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On Monday, millions of people will see something they’ve never seen before: the Sun’s corona — its hot outer atmosphere. It extends hundreds of thousands of miles from the surface of the Sun. But it’s so faint that it’s overpowered by the Sun’s brilliant disk. The only time we can see it is during a total solar eclipse.

The corona is made of super-heated gas known as plasma. In fact, the corona is heated to a couple of million degrees Fahrenheit, and sometimes hotter. By comparison, the Sun’s surface is only about 10,000 degrees.

Scientists still aren’t sure just why the corona is so hot. One idea that’s been gaining steam, so to speak, is that the Sun produces millions of “microflares” — small eruptions from its surface. They blast plasma into space.

The plasma thins out as it moves away from the Sun. Eventually, it forms the solar wind — a flow of charged particles that races through the solar system at a million miles per hour or faster.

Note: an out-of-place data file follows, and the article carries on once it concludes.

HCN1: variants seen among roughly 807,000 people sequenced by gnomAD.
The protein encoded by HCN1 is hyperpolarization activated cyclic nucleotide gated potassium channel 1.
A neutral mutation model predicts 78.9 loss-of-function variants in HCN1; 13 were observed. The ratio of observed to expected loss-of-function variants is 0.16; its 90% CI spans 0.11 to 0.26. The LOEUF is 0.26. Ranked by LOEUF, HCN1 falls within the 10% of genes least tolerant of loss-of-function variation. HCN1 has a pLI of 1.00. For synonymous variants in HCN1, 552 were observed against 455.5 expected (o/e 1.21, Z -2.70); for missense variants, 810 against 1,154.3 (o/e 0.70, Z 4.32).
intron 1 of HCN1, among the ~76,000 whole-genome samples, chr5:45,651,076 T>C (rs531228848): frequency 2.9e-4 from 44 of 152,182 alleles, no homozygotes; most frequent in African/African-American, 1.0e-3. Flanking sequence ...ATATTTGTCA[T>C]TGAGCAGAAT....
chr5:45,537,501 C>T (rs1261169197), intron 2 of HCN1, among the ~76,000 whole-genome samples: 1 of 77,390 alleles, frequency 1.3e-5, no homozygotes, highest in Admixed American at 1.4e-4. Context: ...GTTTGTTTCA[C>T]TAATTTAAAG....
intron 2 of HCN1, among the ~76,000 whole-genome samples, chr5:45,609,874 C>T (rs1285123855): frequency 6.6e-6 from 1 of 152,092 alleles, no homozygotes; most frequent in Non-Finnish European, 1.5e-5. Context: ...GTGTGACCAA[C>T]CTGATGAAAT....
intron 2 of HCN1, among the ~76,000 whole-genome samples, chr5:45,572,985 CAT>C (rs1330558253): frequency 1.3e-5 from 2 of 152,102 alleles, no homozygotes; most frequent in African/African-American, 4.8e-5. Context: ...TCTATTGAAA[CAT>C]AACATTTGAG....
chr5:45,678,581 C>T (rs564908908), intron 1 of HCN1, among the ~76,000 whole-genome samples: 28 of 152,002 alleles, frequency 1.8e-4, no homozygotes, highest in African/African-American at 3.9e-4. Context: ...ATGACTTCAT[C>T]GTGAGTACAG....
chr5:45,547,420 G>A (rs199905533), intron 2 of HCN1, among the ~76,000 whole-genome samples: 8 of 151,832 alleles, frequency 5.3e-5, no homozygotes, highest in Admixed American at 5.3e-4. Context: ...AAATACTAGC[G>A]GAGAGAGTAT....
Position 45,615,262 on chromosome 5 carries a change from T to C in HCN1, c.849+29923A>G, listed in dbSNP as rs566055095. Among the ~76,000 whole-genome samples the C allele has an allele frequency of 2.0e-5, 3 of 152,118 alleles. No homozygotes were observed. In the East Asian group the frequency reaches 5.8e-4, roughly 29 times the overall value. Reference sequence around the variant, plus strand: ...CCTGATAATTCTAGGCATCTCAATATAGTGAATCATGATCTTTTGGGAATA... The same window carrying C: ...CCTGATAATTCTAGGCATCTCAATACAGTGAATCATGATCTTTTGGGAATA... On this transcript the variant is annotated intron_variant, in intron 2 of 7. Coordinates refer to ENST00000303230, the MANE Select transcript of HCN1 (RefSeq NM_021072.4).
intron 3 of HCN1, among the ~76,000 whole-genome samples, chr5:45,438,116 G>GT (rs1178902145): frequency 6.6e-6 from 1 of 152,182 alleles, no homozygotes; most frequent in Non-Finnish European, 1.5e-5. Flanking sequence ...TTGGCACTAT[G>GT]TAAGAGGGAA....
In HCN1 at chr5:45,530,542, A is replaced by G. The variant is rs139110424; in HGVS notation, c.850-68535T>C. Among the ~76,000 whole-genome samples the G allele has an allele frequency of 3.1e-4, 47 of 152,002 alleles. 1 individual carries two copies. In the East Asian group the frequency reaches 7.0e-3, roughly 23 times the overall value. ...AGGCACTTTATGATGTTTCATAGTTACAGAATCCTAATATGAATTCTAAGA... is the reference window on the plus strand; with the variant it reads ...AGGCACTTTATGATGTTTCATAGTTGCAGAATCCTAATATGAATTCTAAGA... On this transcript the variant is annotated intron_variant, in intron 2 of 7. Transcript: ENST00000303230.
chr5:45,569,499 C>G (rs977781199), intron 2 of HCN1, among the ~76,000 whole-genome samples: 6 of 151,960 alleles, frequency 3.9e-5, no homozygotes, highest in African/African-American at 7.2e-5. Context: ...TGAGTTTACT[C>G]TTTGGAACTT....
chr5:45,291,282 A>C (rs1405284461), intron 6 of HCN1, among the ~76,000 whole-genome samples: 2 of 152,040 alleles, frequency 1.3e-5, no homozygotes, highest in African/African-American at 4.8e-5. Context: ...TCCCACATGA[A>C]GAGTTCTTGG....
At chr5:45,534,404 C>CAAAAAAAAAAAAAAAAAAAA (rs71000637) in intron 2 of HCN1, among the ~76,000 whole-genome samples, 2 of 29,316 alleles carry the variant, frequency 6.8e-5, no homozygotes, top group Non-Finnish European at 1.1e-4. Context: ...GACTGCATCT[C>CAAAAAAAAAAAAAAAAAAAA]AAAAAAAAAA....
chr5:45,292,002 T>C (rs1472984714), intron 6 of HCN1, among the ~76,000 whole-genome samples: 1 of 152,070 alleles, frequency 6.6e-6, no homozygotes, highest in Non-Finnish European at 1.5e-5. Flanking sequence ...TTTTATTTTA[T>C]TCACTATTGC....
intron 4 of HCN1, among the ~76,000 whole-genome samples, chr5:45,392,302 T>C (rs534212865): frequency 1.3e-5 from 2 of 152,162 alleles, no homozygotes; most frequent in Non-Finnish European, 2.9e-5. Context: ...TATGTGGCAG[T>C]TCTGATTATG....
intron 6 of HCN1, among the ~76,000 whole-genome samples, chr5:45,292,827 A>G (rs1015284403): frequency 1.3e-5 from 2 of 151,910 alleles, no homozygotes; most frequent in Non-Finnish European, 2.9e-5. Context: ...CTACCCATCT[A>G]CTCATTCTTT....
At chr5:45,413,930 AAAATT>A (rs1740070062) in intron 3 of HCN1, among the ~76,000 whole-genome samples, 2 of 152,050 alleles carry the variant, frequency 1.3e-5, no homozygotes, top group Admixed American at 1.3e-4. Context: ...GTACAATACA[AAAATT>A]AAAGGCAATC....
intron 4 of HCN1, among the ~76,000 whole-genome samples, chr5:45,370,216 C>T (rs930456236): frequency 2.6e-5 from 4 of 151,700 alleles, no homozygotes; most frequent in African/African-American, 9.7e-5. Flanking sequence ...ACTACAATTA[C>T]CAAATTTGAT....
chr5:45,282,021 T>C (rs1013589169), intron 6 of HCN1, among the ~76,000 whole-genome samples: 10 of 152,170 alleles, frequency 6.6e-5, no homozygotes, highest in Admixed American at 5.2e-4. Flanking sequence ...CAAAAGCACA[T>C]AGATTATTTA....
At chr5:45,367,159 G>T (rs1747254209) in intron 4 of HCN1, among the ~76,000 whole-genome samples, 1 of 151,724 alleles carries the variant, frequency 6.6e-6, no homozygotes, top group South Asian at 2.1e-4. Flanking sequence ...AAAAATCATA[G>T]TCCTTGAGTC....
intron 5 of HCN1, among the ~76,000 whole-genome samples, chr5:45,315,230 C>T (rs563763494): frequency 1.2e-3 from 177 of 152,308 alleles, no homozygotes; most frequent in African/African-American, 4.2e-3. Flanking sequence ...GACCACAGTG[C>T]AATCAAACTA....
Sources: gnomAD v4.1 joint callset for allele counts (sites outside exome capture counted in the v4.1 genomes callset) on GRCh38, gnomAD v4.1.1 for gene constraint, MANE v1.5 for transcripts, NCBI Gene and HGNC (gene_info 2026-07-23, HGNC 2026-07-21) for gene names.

During a solar eclipse, the corona looks like a silvery halo around the intervening Moon. It may be especially intense during this eclipse because the Sun is nearing the peak of its 11-year magnetic cycle.

One note of caution: It’s safe to look at the Sun when it’s fully eclipsed. At all other times, though, it’s too bright to view without proper eye protection. So stay safe as you view the corona — part of the grandeur of a solar eclipse.

More about the eclipse tomorrow.

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